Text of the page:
Welcome new CPL staff!
Please join us in welcoming our new colleagues! From left to right:
Elise Dizon-Ross, Post-doctoral Scholar, UC Berkeley
Colin Caprara, Data Analyst, UCLA
Alex Bell, Post-doctoral Scholar, UCLA
Molly Moran, Data Scientist, UCLA
Wahid Khan, Data Analyst, UCLA
Please take a look at these open positions with CPL’s UCLA team, share with your networks, and reach out to email@example.com with any questions.
Jesse Rothstein presents: COVID-19’s impact on California’s workers and economy during Rep. Mark DeSaulnier’s town hall
Jesse Rothstein, faculty director at CPL’s UC Berkeley site, shared insights from CPL’s research on unemployment claims in California and discussed recent proposals to extend the $600 federal unemployment benefit that expired.
Unemployment in California: CPL reports and analysis on options to address the crisis
In CPL’s latest Unemployment Insurance Policy Brief, the authors found that more than half of initial claims for Unemployment Insurance in July were from California workers who were “re-opening” claims they had filed previously during the COVID-19 pandemic. This new method of breaking out claims was covered by CNBC, the Washington Post, Sacramento Bee, NBC, KCRW, and more.
CPL also released a Data Point focused on the extra $600 federal benefit that had injected more than $35 billion into the state’s economy as of mid-July.
A new Policy Analysis focuses on several options for California to increase the “earnings disregard” threshold for partial unemployment. Increasing this threshold would allow more people to work part-time and still receive partial unemployment benefits, and would also increase the benefit amounts for people currently receiving partial unemployment. Economically vulnerable demographic groups, including younger, less educated, female, and Hispanic claimants would disproportionately benefit from increasing the threshold.
Providing alternatives to prosecution: San Francisco’s Collaborative Courts and Pretrial Diversion
San Francisco is unique for offering diversion programs to individuals with more complex needs, including people with longer criminal histories and those charged with felonies. A new CPL report examines referral, enrollment, and completion rates for about 16,000 people who were referred to seven diversion programs in San Francisco between 2008 and 2018.
Using new data sources to better measure the rapid changes to the labor market
Last month, Jesse Rothstein presented a new working paper at the Brookings Panel on Economic Activity conference based on a joint research project focused on measuring the impact of COVID-19 on workers using hourly time card data. Rothstein is part of a team of researchers from the California Policy Lab, the Institute for Research on Labor and Employment, the Rustandy Center for Social Sector Innovation at Chicago Booth, and the University of Chicago Poverty Lab. They have posted frequent updates to measure how the impact is spreading across the country, geographically and by industry, and how it evolves in response to state and local social distancing guidelines and orders.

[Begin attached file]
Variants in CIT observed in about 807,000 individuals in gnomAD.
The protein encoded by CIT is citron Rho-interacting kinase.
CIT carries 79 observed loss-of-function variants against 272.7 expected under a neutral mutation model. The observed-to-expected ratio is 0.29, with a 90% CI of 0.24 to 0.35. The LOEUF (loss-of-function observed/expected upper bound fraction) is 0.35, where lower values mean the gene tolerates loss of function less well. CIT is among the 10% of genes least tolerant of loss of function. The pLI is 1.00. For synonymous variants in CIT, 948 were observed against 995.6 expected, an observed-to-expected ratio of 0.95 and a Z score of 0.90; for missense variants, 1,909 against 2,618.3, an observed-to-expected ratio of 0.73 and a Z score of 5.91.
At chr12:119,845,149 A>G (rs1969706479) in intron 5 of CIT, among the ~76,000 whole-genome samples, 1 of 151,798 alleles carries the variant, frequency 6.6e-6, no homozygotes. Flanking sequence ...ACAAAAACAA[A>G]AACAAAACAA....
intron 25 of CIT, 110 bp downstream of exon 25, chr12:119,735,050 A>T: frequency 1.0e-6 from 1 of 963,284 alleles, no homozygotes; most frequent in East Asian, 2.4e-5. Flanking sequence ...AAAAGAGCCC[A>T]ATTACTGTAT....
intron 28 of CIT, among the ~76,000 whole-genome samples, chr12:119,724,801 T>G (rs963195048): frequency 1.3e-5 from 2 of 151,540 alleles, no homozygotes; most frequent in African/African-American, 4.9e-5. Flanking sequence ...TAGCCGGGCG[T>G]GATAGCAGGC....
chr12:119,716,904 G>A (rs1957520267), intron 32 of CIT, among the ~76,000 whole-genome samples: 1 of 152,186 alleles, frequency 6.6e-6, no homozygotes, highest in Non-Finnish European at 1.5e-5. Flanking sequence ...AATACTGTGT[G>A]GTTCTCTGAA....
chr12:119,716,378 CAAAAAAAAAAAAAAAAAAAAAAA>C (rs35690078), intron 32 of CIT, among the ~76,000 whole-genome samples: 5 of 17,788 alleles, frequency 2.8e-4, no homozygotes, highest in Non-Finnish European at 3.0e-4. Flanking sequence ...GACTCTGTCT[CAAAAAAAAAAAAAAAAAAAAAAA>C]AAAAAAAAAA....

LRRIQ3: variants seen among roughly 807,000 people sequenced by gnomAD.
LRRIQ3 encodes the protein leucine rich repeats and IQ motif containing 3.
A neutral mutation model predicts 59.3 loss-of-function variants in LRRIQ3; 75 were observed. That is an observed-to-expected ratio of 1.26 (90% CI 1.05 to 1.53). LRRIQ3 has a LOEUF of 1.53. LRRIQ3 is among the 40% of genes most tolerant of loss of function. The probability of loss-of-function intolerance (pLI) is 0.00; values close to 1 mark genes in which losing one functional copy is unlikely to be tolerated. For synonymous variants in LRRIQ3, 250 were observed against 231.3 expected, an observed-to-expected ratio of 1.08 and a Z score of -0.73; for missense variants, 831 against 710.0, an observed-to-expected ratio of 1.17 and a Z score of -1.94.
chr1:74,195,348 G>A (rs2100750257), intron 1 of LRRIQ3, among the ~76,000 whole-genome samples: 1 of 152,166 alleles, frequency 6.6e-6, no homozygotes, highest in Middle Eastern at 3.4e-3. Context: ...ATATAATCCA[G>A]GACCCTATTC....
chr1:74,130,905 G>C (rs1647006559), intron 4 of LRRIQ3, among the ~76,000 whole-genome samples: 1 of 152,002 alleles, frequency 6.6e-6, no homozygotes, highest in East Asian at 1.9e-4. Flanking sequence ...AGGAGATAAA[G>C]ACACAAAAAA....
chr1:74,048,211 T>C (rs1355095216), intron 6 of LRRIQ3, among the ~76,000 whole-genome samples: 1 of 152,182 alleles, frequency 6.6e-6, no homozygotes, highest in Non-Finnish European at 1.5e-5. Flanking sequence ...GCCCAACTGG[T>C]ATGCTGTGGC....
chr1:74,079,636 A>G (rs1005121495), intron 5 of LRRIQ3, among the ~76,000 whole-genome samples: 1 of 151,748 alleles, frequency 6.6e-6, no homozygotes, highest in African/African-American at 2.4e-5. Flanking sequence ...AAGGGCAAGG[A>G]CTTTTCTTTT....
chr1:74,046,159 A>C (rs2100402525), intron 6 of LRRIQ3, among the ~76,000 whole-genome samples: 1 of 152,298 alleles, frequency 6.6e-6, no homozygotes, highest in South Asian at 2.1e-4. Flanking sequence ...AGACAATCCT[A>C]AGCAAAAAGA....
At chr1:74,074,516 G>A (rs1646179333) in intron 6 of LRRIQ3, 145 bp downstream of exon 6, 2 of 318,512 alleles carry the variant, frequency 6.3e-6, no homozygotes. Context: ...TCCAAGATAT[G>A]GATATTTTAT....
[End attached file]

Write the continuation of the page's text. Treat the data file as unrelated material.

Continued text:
Linking county data to improve care for high utilizers in Sonoma County
A new CPL report provides an in-depth look at “high utilizers” in Sonoma County who represent approximately 1% of the county population, but account for an average of 26% of jail time, 28% of annual costs for behavioral health services, and 52% of nights in housing or shelters provided to the homeless. Evan White, executive director at CPL’s UC Berkeley site and a co-author of the report, discussed the report findings during an interview with KSRO.
This article cites CPL’s most recent Unemployment Insurance Policy Brief focused on the number of Californians who are re-opening their unemployment claims and the extent to which recall expectation rates are dropping as the COVID-19 crisis continues.
This article focuses on how CPL’s new analysis can inform the county’s efforts to better coordinate care.
This article cites CPL’s most recent Unemployment Insurance Policy Brief and the extent to which recall expectation rates are dropping as the COVID-19 crisis continues.
Till von Wachter explains how Unemployment Insurance was designed to temporarily support impacted workers while also stimulating the broader economy when support is needed the most.
In this podcast interview, Johanna Lacoe, research director at CPL’s UC Berkeley site, speaks about criminal justice reform, CPL’s work with government partners, and how she originally got interested in policy research.
Till von Wachter explains that women, younger workers, lower educated workers, Black workers, and Hispanic workers are the most impacted by “repeat layoffs” and that these workers will face acute financial crises because of Congress allowing the extra $600 federal benefit to expire without a replacement.
CPL’s newest method of measuring “additional claims” in California is the focus of this article about the national economic situation.
Jesse Rothstein explains the difficulty that state unemployment offices will have in implementing any changes to the extra $600 federal benefit.